For someone who spent 18 years of her life in Montana, I’ve seen a remarkably small amount of the state. In my defense, it’s a huge state. I’ve done a reasonably thorough job exploring the area around my hometown. But most of my trips to other parts of the state were for gymnastics or track & field meets… so even though I’ve been all these places, I haven’t really seen them.
(I don’t think I’ve mentioned this before, but I competed in pole vault for 8 years. Here’s a throwback photo.)
And here’s a photo of what happens when your hand slips off the pole midway through the jump…
When I flew home to Montana in summer 2021 (after my mom and I were both fully vaccinated), it was to spend a week exploring my home state and learning some of the history that I never learned in school. We plotted out a 6-day roadtrip that would take us to a few well-known attractions and a handful of lesser-known ones in the western half of the state.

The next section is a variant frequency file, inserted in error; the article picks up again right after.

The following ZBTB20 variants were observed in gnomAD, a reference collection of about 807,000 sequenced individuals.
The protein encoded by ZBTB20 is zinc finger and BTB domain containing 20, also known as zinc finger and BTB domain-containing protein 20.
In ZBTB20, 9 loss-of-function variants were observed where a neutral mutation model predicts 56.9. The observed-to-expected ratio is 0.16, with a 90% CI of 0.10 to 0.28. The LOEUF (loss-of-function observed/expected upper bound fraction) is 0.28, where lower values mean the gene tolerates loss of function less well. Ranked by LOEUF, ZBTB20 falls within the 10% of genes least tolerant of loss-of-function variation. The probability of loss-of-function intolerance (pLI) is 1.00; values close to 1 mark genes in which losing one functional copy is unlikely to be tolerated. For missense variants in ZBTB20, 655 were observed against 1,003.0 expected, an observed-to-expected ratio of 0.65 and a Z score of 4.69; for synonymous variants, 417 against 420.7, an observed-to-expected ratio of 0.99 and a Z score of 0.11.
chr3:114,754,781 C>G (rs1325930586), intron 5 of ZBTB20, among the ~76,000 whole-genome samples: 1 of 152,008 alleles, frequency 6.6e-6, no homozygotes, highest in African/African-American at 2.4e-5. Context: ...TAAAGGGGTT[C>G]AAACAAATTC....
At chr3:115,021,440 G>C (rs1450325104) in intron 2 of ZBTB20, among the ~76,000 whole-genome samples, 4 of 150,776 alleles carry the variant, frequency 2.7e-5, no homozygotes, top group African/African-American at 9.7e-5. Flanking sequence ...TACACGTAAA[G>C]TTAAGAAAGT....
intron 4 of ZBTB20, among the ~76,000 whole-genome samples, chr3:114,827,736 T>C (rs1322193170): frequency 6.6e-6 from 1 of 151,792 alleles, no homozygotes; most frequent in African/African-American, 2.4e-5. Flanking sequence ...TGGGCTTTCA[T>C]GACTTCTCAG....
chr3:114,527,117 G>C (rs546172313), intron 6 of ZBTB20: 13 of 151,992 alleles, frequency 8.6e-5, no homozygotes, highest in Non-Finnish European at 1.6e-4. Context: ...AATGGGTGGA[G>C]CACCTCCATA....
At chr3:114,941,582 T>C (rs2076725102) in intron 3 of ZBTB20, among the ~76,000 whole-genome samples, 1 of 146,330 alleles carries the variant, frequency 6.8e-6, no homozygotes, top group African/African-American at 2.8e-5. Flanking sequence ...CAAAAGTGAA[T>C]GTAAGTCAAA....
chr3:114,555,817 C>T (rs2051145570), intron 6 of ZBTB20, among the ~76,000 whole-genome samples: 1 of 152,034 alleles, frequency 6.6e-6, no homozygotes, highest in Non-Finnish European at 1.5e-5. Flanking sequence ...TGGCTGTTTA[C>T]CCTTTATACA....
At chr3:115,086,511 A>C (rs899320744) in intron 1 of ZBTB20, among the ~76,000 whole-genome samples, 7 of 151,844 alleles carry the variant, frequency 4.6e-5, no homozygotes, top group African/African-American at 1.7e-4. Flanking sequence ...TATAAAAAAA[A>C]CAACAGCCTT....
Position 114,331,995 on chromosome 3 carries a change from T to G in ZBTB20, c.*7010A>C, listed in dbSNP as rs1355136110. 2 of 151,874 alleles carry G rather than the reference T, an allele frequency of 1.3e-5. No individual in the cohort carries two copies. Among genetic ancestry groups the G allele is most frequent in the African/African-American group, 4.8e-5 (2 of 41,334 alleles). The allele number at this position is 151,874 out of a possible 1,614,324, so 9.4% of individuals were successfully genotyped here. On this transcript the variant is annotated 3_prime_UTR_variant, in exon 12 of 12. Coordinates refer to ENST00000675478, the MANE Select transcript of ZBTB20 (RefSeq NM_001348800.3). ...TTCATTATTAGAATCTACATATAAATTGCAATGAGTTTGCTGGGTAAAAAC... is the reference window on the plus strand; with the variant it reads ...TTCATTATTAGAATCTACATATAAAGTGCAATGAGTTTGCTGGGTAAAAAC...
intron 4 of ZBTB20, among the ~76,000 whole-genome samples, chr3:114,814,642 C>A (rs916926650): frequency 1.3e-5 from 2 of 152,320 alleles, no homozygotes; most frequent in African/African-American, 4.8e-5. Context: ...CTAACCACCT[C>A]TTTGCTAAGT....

Our first stop was the town of White Sulphur Springs to visit the Castle Museum and Carriage House. It’s $7/person and the museum has a surprisingly large assortment of items… everything from old pianos to medical tools, typewriters to military uniforms, buggies to antique safes and other banking artifacts. It’s quite a collection for such a random tiny museum.
After looking through the museum, we received a guided tour of the castle. The original architect and occupant was a man named Byron R. Sherman, who built the house for his family. Sherman was very prominent in the community, a businessman with investments in cattle, mining, banking, and many other industries… and therefore quite a lot of money to build such an ornate house. It even had electricity and two indoor bathrooms with running hot and cold water… extremely unusual for the late 1800s.